which had~been decided upon to play of!
the tie that existed between Adams and
Southern for first place, but, as Adams
won both games in a row, it will not, of
course, be necessary to play the other
The Adams boys played with machinelike
precision and outplayed the Southern
Railway aggregation at every point of the
game. Hitting, fielding, base running?
in fact everything that goes to mfcke a
team a winner?were shown by the
Adams boys vestprday. When a hit was
needed to bring a run in it was always
Spence Hanvey, who was on the rubber
for the Adams Express team, was a
complete enigma to the Southern Railway
bunch throughout the whole game, he allowinflr
nnlv fniir bpofthltc a n<4 n-oc
0 -.-.J w?wv WW w. u < * VW| Kiiu ?? ?*"
never in what might be called a tight
pinch. He had the speed as well as the
Strobel, who was chosen by the manager
of the Railway boys to toss them
aver, got his "bumps" again yesterday.
This makes the third game that Strobel
has pitched against this team and has
lost all three of them. Although he was
touched up for but six hits, one of them
a two-bagger, they usually came when
the bases wore occupied.
"Kootch" O'Neil, who has been playing
Buch a wonderful game at short for
Adams, played a star game yesterday.
Outside of having five outs, two assists
and getting one hit out of three times up,
he made a catch in the third off Holbruner's
bat that was great, running in
from deep short and nipping the ball in
cack of third base with one hand.
Jewett played a star game at first for
ho 1 Ho mc ioa m otr?r?r?i noo fit- nil l?ir.An
V ituutuo tvaui, UCQI IV ail miius
)f balls, scooping them out of the ground,
jumping into the air for them, never let:ing
one get by. He also got a hit and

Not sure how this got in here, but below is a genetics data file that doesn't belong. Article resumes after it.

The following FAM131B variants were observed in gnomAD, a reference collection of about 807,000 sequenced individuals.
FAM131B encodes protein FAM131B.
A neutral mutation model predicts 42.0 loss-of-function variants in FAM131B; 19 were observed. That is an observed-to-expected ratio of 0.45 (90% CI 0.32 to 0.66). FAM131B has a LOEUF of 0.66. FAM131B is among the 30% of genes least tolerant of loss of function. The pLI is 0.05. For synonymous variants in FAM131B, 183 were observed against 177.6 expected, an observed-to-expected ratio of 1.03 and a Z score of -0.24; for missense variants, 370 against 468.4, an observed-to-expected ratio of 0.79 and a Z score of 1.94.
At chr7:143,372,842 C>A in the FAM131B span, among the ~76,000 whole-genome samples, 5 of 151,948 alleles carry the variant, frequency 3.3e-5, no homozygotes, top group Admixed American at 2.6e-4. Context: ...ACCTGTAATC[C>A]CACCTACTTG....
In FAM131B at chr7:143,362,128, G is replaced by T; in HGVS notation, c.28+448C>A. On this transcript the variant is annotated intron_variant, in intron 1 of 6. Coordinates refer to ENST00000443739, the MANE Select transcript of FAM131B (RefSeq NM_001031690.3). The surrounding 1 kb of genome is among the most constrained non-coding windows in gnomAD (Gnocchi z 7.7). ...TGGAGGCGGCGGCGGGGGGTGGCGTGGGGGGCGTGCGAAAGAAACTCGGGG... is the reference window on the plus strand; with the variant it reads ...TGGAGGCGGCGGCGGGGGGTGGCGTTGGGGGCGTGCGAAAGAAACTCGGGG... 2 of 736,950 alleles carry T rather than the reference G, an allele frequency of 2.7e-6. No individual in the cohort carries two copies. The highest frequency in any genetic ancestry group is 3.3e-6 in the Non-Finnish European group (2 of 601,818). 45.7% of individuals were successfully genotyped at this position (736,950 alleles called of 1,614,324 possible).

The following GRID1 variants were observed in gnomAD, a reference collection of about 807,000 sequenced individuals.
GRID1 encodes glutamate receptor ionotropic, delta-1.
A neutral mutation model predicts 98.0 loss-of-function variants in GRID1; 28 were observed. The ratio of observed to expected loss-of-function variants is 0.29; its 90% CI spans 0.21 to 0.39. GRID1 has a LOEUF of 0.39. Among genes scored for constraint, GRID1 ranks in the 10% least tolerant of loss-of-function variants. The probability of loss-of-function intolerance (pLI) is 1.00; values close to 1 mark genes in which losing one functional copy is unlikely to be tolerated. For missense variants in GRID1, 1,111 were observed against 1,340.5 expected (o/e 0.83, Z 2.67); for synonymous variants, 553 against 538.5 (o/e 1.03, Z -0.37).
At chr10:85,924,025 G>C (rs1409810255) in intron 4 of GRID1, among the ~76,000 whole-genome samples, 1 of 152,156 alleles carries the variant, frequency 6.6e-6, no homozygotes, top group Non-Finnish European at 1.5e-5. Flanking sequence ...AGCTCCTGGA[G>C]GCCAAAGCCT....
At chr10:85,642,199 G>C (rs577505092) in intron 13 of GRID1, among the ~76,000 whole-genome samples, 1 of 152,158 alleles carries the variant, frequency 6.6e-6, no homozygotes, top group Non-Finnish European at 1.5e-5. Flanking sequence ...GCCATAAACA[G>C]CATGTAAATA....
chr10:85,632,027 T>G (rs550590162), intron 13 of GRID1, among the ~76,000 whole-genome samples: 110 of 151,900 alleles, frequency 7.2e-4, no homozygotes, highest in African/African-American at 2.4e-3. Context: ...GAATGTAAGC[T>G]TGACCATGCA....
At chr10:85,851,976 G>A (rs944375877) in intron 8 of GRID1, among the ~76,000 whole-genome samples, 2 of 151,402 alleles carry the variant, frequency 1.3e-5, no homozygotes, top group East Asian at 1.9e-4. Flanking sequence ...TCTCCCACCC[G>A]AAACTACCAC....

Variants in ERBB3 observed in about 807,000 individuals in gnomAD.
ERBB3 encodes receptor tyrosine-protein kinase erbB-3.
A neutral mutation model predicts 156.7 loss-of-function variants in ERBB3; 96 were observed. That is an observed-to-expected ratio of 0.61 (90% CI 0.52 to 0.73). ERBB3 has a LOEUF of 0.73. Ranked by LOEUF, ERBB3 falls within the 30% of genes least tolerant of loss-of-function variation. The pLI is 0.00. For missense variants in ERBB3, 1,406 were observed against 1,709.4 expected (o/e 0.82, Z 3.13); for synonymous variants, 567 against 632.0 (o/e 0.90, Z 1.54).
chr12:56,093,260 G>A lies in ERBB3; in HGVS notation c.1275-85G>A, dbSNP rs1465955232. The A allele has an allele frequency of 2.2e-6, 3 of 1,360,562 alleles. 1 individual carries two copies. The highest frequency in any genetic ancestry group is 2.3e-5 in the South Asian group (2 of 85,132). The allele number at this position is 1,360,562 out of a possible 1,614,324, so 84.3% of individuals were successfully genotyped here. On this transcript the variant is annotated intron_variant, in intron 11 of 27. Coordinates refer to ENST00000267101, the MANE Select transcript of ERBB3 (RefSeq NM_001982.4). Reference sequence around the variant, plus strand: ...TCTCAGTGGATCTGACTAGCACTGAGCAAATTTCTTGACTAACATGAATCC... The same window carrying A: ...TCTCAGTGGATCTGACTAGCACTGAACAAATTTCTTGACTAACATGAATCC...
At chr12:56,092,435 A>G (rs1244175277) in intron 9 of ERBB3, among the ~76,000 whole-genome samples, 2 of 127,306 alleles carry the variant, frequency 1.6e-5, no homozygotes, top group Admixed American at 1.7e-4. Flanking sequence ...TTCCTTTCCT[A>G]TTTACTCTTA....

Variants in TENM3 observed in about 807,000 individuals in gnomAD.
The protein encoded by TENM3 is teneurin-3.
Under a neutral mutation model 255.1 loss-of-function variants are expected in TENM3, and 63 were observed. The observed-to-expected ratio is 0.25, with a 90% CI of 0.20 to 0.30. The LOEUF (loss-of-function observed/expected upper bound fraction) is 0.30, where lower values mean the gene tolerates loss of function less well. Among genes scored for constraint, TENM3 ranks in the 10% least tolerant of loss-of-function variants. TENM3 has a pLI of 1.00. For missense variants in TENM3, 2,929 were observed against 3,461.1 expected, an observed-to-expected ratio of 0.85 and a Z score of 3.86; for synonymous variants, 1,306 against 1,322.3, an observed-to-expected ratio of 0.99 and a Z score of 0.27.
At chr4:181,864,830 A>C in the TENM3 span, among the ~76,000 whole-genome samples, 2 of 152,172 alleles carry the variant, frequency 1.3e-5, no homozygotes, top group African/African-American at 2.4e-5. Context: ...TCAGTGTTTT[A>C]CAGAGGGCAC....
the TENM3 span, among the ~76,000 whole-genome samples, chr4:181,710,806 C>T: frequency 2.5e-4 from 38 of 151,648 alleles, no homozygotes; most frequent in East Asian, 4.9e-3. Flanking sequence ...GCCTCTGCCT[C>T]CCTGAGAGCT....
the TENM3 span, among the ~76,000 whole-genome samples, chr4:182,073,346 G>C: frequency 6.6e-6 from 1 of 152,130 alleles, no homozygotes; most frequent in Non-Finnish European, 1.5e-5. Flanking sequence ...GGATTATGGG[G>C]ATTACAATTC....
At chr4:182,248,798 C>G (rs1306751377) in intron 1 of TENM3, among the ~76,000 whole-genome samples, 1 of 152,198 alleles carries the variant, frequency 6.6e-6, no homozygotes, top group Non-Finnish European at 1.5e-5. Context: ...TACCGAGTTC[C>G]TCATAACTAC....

nought in two runs for his team.
McMahon, who played third base for
\dams, put up a fine game, making one of
he quickest double plays seen in this
eague. With a Southern Railway man on
hird Thompson, its catcher, sent a fly
ibout fifteen feet in back of third. "Mac"
aught the ball after a great run and shot
t across the diamond to first, completing
i double play.
Holbruner, center fielder of the Southern
Railway, made a star catch in the
seventh, when Fitzgerald, the dlmlnuitve
enter fielder of the Adams team, caught
me on the nose and sent it on a line drive
jetween center and left field, the ball
ooking good for an easy single, and possibly
a double. Holbruner, after a great
print, caught the ball, practically taking
t out of the left fielder's hands.
Young, shortstop for the Southern Railvay
boys, is playing a fine game for his
earn. Although he made an error yeson
Their Way
! ?
. [ UtT ?
it TKunk A
ANl 1 06**^
r THtse j "r^^ '*
#= YCX/S.S I ?
150 Suits in
to $30.00. The
ment includes mixi
\ 1 browns and some
! | Why not an extra
i 1 can pick up a goi
| little money?
5 !l Last Ca
;} i5
i | Broken lots of $
' ' " 1 %
. HI Boys' and Youtl
All Boys' St]
, All $6.00 Suits
All $8.50 Suits
> A
Boys' Wash
" j | i Colored and
,i| Boys' FurnSs
iii: . .
j;:: Anticipate your boys sc'n<
usual cost is certainly worth
? . *
i: Clearance of Knickerbc
All $1.00 and $1.25 values at .
: ::: All $1.50, $1.75 and $2.00 value!
i :::
i 50c and 75c Wash Pants
i Khaki White Duck, Galatea
Crash Pants; slaes 3 to 8%
Boys' BloMSfi
; ; Regular 50c values, at
I jjj Boys' Belts
j ;; | 50c Belts
25c Belts
ii Head-to-foot
terday, he went after every ball that came
his way and put up a hot fight all through
the game.
The individual star of the day, however,
was Sam Peck, the backstop of the
Adams team. While he led his team in
batting, getting two hits, one of them a
I double, his throwing to the bases was
1 like a rifle shot, but two bases being stolj
en on him during the game.
Olympia league.
W. L. Pet. W. I,. Pet.
Olives >7 2 .Sfit Georgetown.. B 13 .278
St.Stephen 8 14 2 .875 Tanglewood. 0 .278
Tenleytown 12 8 .571 Spartans.... 4 14 .222
Today'a game?no game scheduled.